CIA can't authenticate alleged al Qaeda tape
WASHINGTON (CNN) -- After a technical analysis, the CIA cannot determine whether a videotape obtained by ABC News in Pakistan featuring a man claiming to be affiliated with al Qaeda is authentic, a U.S. intelligence official said Thursday.
"We have been unable to verify the tape's authenticity," the official said.
Portions of the 75-minute tape were aired Thursday evening by ABC News, which said it obtained the tape from a source known to have Taliban and al Qaeda contacts in the tribal regions of Pakistan.
ABC said it paid the source $500 in transportation fees.
A U.S. official said there were "real questions about its authenticity."
By that, the official said, he meant that it was not clear whether the tape was prepared by someone affiliated with al Qaeda and taking orders from its leaders, or whether it was a hoax.
With the presidential election just days away, officials are wary of a possible trick by an impostor.
"Without being able to authenticate it, it's just some guy talking on a tape," the U.S. intelligence official said.
On the tape, a man calling himself "Azzam the American" threatens terror attacks "at any moment," delivering the message in English. His face is covered with a headdress and he holds a rifle.
"People of America: I remind you of the weighty words of our leaders, Sheikh Osama bin Laden and Dr. Ayman al-Zawahiri, that what took place on September 11th was but the opening salvo of the global war on America," he says. "And that, Allah willing, the magnitude and ferocity of what is coming your way will make you forget all about September 11th."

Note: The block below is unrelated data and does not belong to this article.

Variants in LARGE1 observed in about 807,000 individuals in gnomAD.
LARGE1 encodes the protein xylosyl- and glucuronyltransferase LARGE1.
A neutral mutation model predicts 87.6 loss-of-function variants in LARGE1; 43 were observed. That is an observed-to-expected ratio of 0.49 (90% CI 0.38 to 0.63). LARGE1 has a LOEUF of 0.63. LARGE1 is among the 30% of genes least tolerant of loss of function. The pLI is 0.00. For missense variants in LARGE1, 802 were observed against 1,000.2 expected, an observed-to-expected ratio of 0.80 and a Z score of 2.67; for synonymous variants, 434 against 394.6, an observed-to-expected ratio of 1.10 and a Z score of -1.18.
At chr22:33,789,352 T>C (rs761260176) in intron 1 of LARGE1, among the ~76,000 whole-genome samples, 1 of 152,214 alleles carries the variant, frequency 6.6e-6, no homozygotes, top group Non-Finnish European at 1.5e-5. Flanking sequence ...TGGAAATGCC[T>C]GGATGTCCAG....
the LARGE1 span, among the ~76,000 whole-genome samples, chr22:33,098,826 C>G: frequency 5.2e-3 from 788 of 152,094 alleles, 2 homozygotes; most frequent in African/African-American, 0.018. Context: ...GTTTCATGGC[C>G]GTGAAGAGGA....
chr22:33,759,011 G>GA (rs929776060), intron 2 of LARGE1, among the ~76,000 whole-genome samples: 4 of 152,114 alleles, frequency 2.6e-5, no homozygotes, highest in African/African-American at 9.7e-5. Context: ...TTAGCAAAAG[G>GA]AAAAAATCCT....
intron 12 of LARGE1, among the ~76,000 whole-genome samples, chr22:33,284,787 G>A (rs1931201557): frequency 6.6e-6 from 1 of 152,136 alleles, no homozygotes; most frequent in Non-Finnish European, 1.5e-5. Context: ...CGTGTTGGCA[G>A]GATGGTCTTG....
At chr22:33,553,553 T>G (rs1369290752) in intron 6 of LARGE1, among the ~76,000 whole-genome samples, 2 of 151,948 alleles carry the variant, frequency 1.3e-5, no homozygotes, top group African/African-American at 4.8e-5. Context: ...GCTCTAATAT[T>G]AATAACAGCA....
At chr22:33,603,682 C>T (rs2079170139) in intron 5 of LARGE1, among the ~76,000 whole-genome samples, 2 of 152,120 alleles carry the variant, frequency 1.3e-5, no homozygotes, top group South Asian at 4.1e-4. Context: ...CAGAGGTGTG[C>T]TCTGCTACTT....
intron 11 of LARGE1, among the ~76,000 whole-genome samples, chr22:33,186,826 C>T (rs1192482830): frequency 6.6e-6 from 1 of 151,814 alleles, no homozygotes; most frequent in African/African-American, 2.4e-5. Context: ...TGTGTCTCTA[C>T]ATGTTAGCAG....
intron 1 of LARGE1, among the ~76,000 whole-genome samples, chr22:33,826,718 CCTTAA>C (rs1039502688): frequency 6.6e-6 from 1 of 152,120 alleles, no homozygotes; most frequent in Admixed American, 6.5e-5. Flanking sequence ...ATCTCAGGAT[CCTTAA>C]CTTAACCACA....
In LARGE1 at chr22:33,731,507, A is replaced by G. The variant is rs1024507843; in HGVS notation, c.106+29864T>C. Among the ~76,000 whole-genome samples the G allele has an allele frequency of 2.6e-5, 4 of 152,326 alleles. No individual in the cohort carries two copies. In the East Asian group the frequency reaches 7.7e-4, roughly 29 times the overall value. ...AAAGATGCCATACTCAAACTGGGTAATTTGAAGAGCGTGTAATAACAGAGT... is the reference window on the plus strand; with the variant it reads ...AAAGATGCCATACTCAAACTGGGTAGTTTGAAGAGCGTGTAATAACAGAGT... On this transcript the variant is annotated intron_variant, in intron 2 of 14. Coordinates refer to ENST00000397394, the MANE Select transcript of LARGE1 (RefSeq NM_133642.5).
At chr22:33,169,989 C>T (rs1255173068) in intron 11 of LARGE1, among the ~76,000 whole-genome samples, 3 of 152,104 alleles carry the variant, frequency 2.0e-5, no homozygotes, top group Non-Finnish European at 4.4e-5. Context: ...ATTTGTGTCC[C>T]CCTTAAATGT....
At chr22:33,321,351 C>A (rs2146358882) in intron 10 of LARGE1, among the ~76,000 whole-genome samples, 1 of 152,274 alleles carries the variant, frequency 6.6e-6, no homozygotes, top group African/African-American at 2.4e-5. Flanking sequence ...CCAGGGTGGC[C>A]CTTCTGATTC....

A U.S. government official said the tape did not mention any means, mode or place of an attack.
Sources said copies of the tape were given to President Bush, Attorney General John Ashcroft, FBI Director Robert Mueller, former CIA Director George Tenet and nine other officials mentioned by name on the tape.
A U.S. intelligence official said the voice on the tape "does not match anyone we know of" who has been identified as being affiliated with al Qaeda.
The official said the tape was made in recent months, since it referred to the humanitarian crisis in Darfur, the same sex-marriage controversy in Massachusetts, and the report of the 9/11 commission.
The tape included a graphic indicating it was produced by the "Sahab Production Committee," which is the same as that seen on a number of authenticated al Qaeda tapes.
CNN's David Ensor, Kelli Arena, Jeanne Meserve and Jonathan Wald contributed to this report.